// what do you think?


[NCB Best Of] Marketing is broken because marketers are lazy

This week marks my 2 year blogiversary. To commemorate one of the things I thought I’d do is re-post some of my better older posts. This post originally ran on 2/19/07

The average CMO lasts 23.5 months. 75% of all new products or services introduced by established companies fail. Think these two figures might be related?

Clayton Christensen of Innovators Dilemma fame, recently put out a new article in the MIT Sloan Management Review, entitled, “Finding the Right Job for Your Product” where he takes on the commonly held practices of many marketers, including but not limited to segmentation and demographics.

While I’m not going to try and recap a 10 page article from someone who is much smarter than myself (besides you can download the article for free right now[not anymore]), I would like to add my own take on two key points that he makes.

Customers are looking to “hire” the right product. An employees job, no matter what the job description might say, is to ad value to the company. Your products “job”, therefore, is to ad value to your customer. In a business setting your products job is even more specific: to ad economic value to your customer. I’m not just talking about a clinical ROI measurement. After all, what’s the ROI of hiring a new employee? So if an organization, or individual, were going to “hire” your product what would the job description look like? What would (or should) your products “resume” look like? This goes beyond identifying what your customers “needs” are. Needs change, jobs are are more stable. Now you may be saying to yourself, how are jobs more stable? Jobs get eliminated all the time right? This is where I’d like to address my second point and the title of this blog post.

The vicious cycle of focusing on demographics and segmentation has lead marketers to become increasingly lazy. If your product is not addressing the job your customer needs to have done you are faced with the only other option: “brand building”. This is so cost prohibitive that many companies will scrap great product ideas before they get started, or bury potentially good products in advertising that don’t speak to the job position their product could fill. This leads to the 75% failure of new products by established companies. How long would a company last if they only had a 25% employee retention rate?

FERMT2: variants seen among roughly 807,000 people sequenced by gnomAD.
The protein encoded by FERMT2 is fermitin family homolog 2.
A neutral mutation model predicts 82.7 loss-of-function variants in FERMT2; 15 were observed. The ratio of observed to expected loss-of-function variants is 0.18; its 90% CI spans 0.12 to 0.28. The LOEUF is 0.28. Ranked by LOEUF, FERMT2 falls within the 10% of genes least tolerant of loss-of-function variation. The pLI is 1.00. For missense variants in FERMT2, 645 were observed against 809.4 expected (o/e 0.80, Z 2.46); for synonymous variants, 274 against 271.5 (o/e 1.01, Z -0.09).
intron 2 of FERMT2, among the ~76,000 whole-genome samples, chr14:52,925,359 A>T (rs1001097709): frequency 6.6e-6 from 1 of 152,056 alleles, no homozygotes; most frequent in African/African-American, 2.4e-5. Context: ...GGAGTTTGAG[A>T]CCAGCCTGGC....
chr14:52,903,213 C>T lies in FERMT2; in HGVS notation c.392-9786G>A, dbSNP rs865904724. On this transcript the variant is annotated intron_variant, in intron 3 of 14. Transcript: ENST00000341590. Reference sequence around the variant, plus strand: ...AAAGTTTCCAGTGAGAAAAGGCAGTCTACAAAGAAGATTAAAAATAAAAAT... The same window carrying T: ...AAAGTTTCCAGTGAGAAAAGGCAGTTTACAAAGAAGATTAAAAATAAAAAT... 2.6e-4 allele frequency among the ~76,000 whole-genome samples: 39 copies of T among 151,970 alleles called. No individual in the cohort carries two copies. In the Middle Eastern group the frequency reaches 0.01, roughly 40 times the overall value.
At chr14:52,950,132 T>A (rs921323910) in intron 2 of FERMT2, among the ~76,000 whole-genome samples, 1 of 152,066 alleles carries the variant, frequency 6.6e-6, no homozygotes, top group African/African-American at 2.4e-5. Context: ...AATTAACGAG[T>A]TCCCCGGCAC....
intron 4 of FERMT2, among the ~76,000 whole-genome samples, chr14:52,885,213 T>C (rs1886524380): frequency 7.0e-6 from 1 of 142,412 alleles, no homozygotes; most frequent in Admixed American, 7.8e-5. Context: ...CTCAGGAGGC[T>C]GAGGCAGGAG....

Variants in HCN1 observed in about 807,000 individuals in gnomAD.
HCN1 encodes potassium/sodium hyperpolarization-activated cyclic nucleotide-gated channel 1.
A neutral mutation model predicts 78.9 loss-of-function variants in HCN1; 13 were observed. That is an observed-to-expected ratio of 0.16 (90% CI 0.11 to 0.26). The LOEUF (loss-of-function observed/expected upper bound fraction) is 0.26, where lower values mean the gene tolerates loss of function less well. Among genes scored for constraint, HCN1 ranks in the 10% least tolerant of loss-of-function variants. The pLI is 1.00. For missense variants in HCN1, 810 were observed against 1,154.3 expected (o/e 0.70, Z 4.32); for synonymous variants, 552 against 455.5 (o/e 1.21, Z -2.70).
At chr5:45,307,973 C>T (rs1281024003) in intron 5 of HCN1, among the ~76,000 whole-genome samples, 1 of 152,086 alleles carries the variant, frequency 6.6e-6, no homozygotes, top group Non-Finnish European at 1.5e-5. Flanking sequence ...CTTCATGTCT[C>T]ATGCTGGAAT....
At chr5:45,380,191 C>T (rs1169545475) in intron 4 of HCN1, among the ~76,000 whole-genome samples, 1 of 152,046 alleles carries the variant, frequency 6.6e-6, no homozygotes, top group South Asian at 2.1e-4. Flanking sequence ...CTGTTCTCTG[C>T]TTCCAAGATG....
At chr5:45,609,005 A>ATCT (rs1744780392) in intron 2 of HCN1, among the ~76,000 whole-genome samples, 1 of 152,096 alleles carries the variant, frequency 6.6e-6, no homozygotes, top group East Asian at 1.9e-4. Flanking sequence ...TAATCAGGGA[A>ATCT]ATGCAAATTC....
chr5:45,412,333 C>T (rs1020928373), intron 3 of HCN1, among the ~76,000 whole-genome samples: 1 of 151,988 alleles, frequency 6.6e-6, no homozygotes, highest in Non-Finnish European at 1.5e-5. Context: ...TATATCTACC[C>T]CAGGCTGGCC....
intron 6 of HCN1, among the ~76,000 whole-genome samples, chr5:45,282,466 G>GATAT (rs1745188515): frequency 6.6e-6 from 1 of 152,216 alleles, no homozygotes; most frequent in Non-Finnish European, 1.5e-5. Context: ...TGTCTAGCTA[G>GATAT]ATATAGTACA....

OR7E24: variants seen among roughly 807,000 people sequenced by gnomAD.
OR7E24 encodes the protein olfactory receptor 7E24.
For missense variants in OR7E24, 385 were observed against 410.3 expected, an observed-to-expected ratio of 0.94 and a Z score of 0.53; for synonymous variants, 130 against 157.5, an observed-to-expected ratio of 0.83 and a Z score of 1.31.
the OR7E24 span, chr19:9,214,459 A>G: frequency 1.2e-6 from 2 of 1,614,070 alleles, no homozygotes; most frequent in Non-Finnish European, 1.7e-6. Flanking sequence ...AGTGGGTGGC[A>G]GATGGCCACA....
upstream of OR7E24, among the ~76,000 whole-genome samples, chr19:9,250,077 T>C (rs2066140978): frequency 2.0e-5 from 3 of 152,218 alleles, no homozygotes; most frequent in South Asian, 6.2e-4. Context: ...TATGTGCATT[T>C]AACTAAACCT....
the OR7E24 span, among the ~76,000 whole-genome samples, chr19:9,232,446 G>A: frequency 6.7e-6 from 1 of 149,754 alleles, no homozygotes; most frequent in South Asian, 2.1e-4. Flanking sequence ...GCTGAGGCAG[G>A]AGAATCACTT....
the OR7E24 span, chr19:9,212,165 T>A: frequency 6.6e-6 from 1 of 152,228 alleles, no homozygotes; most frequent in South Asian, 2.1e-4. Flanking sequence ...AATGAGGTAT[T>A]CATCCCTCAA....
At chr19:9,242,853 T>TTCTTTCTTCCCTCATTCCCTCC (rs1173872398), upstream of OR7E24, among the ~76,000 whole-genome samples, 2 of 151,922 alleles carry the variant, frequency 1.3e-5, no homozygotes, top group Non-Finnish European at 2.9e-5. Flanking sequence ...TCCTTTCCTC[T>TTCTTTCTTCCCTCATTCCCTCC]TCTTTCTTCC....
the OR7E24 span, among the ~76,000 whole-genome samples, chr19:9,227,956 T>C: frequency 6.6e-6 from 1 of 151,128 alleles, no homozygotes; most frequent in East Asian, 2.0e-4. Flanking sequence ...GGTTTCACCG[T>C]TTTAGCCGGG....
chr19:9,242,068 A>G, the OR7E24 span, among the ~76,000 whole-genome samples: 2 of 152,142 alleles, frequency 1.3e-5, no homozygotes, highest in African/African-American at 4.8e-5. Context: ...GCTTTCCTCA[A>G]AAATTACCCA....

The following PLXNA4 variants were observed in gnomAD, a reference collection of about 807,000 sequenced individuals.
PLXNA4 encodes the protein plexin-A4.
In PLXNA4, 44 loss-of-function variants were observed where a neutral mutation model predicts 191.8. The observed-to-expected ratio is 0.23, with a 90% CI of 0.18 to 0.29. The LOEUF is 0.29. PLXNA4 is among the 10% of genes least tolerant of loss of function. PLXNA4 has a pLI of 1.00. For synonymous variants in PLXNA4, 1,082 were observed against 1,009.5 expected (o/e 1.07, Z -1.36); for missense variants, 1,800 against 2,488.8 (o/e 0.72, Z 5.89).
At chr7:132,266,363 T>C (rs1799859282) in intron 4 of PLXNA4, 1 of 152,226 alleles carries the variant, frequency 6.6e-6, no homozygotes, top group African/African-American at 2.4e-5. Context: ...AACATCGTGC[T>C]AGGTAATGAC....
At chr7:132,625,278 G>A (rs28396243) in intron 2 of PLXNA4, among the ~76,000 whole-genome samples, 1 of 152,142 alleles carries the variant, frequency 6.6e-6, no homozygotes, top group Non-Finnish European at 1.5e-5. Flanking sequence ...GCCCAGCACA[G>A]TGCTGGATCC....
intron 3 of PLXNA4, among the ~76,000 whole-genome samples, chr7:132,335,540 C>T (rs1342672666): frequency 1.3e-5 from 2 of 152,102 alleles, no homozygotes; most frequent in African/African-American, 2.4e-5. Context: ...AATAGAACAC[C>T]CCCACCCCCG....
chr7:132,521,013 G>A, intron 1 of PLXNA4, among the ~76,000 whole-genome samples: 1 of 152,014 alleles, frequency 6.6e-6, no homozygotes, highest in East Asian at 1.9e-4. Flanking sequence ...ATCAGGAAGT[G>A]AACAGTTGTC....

What’s the solution? marketers need to get out from behind the demographic figures that their advertisers keep giving them to support more advertising expenditures in the wrong direction. Since your customer is not going to hand you a job description for what they are looking for, you need to get out there and observe your customer in action and sometimes even talk to them. How many CMO’s talk to their customers? Christensen give some great guide lines for what type of research needs to be done and how many cases you should gather.

It is not easy gathering data to figure out the right job for your product. One quote I will use from Christensen’s article, to leave you with, exemplifies the type of research he proposes and how companies can apply it.

“Sony Corp.’s legendary co-founder, Akio Morita, had a policy of never relying on quantitative data to guide new-product development as he lead the company between 1950 and 1980, because data doesn’t exist for new applications of technology. Instead he and his associates just watched what people were trying to do and tried to imagine how applying the company’s electronics miniaturization technology could make it easier and more affordable for more customers to do those jobs. Morita’s success rate for new products was much higher than the 25% success rate for products whose launch is guided by more quantitatively sophisticated market-research methods.”

p.s. Social media provides some really great ways to do this ;)

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About Tac

Social media anthropologist. Communications strategist. Business model junkie. Chief blogger here at New Comm Biz.

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